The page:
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>From tothl Mon Aug 31 17:23:57 +0200 1998 remote from inf.u-szeged.hu
Date: Mon, 31 Aug 1998 17:23:57 +0200 (MET DST)
From: Toth Laszlo <firstname.lastname@example.org>
To: Pawel Kusmierek <email@example.com>
Subject: Re: (why is high high)
Received: from inf.u-szeged.hu by inf.u-szeged.hu; Mon, 31 Aug 1998 17:23 MET
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On Mon, 31 Aug 1998, Pawel Kusmierek wrote:
> > In Hungarian high frequencies are called "high", but the opposite is
> > "deep" instead of "low".
> Thank you very much! Do you say "high frequency" and "deep
> frequency" or rather "high sound" and "deep sound" (or maybe
> "high pitch" and "deep pitch") in Hungarian.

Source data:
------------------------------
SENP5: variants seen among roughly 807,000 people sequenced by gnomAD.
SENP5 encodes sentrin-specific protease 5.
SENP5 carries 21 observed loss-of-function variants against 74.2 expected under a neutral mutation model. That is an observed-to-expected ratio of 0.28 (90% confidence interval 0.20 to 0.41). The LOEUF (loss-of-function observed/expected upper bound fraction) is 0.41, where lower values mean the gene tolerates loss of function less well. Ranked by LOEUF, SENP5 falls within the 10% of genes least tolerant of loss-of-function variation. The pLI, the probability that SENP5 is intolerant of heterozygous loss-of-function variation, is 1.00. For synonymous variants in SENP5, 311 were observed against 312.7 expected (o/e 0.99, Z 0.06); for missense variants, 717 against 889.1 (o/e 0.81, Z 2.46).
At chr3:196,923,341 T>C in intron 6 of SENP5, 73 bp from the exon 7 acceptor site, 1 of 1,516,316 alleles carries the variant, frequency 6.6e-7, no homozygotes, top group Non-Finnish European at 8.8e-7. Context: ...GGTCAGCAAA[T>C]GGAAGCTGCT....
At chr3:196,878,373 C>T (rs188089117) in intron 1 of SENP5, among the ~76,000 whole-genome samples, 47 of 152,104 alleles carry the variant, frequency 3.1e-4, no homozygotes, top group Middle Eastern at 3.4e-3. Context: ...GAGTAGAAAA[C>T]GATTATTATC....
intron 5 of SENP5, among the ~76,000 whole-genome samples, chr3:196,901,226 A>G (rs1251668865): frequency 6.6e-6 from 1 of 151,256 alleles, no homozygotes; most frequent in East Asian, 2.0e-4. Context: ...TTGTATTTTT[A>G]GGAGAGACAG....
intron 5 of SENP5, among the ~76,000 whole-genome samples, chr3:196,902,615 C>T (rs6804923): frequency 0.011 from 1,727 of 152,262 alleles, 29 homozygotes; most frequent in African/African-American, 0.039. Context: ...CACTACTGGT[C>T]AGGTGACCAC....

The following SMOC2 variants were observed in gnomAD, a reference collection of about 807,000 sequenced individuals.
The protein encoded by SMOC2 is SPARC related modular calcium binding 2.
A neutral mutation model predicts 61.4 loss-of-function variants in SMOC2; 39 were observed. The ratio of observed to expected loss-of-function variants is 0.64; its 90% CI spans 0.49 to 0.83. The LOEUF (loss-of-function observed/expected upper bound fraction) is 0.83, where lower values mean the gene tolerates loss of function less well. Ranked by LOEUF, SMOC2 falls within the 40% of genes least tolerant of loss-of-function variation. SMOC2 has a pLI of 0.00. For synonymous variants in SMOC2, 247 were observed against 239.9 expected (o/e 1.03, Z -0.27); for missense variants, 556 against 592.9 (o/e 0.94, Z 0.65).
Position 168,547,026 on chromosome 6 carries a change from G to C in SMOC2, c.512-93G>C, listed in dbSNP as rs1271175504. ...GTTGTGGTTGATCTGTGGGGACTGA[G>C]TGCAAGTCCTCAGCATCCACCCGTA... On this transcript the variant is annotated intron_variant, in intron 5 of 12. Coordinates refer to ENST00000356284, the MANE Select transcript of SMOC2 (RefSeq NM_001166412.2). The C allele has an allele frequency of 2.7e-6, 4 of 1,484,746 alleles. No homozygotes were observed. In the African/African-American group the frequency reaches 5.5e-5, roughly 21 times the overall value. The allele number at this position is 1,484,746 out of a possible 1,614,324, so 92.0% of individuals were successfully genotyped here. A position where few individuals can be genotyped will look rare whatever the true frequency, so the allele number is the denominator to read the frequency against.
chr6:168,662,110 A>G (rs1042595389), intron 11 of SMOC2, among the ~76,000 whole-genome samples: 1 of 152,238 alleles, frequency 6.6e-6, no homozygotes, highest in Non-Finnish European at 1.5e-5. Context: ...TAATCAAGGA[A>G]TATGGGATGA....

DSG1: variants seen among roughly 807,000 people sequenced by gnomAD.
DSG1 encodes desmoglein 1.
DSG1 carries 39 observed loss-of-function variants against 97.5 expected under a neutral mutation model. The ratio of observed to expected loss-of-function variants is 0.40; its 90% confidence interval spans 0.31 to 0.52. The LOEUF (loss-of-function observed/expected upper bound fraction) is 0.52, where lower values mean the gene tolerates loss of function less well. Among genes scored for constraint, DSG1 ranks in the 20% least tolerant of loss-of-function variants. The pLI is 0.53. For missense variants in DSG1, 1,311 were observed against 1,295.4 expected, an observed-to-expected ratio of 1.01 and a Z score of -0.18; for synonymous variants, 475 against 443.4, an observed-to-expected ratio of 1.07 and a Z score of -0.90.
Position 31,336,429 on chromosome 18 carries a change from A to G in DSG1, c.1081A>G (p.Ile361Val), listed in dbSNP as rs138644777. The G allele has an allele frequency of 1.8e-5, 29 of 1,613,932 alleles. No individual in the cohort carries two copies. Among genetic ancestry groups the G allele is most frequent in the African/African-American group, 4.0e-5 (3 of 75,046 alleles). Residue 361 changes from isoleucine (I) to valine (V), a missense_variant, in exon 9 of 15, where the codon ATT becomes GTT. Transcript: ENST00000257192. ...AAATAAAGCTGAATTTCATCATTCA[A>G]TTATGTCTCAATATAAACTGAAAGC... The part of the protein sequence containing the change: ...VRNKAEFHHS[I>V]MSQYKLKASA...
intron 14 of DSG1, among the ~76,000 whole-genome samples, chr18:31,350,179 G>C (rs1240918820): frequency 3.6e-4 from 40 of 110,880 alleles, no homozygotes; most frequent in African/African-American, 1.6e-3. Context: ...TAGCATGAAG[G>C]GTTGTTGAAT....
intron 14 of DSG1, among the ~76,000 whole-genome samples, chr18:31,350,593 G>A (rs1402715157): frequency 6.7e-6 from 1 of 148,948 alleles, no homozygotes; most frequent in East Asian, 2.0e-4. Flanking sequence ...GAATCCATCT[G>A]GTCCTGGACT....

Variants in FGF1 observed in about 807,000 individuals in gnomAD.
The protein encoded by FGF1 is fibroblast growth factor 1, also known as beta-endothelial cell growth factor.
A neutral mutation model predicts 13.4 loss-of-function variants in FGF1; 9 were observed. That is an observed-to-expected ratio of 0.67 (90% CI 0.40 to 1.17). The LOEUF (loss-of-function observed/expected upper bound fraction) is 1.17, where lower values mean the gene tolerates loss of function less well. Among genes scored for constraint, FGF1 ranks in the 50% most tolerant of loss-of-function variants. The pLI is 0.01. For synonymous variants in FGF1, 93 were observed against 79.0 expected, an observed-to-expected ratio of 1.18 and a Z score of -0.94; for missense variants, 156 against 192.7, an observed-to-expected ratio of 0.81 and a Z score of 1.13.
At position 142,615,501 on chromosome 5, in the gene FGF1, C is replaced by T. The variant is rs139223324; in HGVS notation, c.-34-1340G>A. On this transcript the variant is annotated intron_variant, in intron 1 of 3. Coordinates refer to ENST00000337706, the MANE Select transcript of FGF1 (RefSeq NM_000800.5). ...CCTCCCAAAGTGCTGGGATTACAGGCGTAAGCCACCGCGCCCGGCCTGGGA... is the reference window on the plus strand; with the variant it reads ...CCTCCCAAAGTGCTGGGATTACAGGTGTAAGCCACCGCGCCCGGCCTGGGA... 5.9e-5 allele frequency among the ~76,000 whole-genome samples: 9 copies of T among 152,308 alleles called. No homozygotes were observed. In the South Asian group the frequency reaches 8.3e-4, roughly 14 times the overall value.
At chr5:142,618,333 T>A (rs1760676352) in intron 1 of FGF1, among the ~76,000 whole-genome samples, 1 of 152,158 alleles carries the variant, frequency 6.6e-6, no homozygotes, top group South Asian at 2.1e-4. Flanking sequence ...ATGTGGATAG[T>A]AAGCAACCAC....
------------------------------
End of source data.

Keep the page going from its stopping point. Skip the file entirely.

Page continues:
We say "high frequency" and "high sound". But we say "low frequency" and
> I suppose that long before anyone had an idea
> of frequency, people were calling sound pitch in a way. In English,
> Polish etc. these 'primordial' names are in agreement with
> frequency values. Possibly, in other languages, these 'primordial'
> names have nothing to do with physical dimension,
See the example above (although it HAS to do with physical dimension, I
(by the way, 'deep' is to some extent a synonyme for
Yes, clearly. In measuring heights, the comparison level is the level of
the ground. Something that's above this line can be 'low' but never 'deep'.
What is under this line is 'deep'. Now, translating this to sounds:
if we choose zero as the comparison level, pitch can never be 'deep'.
(Zero is chosen in the case of frequency - and we never say 'deep'
But, if the comparison level is our own voice, 'deep' is clearly possible,
since a voice can be lower in pitch than ours.
This explanation is quite rational for me. Maybe we were more egoists in
choosing the zero level :-)
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